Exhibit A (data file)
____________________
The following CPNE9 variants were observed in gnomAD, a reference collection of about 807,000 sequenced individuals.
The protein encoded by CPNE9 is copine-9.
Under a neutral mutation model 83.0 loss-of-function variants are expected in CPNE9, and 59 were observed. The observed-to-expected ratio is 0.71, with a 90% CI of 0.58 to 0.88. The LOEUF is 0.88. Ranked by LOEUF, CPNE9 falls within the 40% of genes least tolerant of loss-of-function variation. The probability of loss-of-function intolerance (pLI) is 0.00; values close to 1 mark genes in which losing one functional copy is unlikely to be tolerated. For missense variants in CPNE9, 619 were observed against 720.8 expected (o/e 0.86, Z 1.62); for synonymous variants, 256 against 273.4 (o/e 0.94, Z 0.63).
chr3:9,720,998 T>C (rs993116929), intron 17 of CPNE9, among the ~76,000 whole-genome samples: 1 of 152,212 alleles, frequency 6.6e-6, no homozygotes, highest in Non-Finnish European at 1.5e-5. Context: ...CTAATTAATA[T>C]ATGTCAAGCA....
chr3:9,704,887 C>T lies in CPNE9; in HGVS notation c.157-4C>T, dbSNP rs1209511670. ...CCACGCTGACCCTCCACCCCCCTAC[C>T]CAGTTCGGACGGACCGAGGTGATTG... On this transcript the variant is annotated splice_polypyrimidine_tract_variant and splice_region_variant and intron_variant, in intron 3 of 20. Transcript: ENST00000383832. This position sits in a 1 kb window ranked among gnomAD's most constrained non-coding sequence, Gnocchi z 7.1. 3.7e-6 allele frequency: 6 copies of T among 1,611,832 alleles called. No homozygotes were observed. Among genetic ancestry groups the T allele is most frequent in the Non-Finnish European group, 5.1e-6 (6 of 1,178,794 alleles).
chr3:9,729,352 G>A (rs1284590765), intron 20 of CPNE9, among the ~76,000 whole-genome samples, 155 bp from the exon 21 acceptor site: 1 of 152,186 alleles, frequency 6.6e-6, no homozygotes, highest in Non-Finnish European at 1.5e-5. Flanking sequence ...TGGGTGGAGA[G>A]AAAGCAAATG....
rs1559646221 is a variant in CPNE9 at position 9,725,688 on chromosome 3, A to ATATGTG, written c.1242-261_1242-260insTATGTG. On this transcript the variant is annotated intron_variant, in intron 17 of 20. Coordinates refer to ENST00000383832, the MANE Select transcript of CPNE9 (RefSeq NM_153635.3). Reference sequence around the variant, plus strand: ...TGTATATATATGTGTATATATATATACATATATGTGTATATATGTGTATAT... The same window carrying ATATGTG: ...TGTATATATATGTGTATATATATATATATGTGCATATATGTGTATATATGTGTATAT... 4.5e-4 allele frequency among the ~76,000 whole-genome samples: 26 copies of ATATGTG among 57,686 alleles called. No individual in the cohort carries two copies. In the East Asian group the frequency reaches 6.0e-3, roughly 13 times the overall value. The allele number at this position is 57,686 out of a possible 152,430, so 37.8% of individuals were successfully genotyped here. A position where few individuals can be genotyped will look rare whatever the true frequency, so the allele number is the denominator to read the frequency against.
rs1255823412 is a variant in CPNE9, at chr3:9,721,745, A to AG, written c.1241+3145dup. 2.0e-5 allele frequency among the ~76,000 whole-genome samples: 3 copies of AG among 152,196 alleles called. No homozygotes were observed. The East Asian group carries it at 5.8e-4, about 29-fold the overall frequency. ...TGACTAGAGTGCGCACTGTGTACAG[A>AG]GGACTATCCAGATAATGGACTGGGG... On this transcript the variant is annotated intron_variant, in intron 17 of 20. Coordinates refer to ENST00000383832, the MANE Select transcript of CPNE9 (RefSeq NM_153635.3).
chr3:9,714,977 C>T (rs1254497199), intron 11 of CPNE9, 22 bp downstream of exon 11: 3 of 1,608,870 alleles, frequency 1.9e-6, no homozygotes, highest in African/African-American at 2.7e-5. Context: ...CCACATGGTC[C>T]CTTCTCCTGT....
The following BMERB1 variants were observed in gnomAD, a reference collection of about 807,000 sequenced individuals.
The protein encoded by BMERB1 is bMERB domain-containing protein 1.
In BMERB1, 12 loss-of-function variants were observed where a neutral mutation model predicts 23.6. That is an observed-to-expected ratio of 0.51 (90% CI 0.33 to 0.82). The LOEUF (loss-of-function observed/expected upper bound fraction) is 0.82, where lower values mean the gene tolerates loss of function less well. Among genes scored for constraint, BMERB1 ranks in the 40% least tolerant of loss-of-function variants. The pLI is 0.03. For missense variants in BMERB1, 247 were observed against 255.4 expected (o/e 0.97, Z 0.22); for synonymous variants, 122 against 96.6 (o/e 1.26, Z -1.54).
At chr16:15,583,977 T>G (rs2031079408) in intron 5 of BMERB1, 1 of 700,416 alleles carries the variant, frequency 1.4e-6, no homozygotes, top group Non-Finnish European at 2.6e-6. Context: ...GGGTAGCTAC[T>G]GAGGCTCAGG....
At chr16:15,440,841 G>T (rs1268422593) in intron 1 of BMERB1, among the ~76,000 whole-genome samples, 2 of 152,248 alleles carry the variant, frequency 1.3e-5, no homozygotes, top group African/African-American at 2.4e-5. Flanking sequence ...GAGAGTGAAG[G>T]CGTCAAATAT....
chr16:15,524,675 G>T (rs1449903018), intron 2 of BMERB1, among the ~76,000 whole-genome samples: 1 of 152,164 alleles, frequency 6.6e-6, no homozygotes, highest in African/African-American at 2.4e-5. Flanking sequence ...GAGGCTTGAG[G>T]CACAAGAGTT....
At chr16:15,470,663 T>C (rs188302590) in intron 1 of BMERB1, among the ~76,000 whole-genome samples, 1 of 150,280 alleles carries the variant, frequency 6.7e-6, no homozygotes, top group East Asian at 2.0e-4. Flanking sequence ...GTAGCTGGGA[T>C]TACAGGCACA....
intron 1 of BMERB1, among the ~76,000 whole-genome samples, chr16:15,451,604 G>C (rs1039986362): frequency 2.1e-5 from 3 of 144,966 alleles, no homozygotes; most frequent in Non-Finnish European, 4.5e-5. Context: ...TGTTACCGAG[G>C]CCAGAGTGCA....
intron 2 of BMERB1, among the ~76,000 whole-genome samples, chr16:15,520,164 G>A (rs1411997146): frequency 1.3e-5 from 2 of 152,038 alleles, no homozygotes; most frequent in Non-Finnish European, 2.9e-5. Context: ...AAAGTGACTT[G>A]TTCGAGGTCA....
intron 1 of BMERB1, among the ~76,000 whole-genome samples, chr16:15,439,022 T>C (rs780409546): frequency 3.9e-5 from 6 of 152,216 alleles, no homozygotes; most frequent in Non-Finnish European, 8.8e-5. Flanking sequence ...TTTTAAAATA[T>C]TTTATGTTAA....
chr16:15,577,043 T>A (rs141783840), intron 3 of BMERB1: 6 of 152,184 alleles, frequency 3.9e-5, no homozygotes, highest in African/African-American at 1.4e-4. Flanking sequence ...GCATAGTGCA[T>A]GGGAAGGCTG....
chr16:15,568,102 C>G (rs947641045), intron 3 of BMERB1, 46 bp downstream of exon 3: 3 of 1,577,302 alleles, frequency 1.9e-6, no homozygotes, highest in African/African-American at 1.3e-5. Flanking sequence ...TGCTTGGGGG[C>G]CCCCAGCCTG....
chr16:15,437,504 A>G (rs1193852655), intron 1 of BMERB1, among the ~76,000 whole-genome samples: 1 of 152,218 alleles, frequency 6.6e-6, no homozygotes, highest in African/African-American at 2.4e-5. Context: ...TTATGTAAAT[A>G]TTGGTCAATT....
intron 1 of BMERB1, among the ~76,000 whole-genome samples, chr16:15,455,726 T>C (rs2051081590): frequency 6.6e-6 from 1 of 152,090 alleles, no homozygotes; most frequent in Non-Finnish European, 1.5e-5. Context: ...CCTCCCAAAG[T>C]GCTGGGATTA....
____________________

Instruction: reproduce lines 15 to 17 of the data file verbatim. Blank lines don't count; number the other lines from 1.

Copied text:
chr16:15,524,675 G>T (rs1449903018), intron 2 of BMERB1, among the ~76,000 whole-genome samples: 1 of 152,164 alleles, frequency 6.6e-6, no homozygotes, highest in African/African-American at 2.4e-5. Flanking sequence ...GAGGCTTGAG[G>T]CACAAGAGTT....
At chr16:15,470,663 T>C (rs188302590) in intron 1 of BMERB1, among the ~76,000 whole-genome samples, 1 of 150,280 alleles carries the variant, frequency 6.7e-6, no homozygotes, top group East Asian at 2.0e-4. Flanking sequence ...GTAGCTGGGA[T>C]TACAGGCACA....
intron 1 of BMERB1, among the ~76,000 whole-genome samples, chr16:15,451,604 G>C (rs1039986362): frequency 2.1e-5 from 3 of 144,966 alleles, no homozygotes; most frequent in Non-Finnish European, 4.5e-5. Context: ...TGTTACCGAG[G>C]CCAGAGTGCA....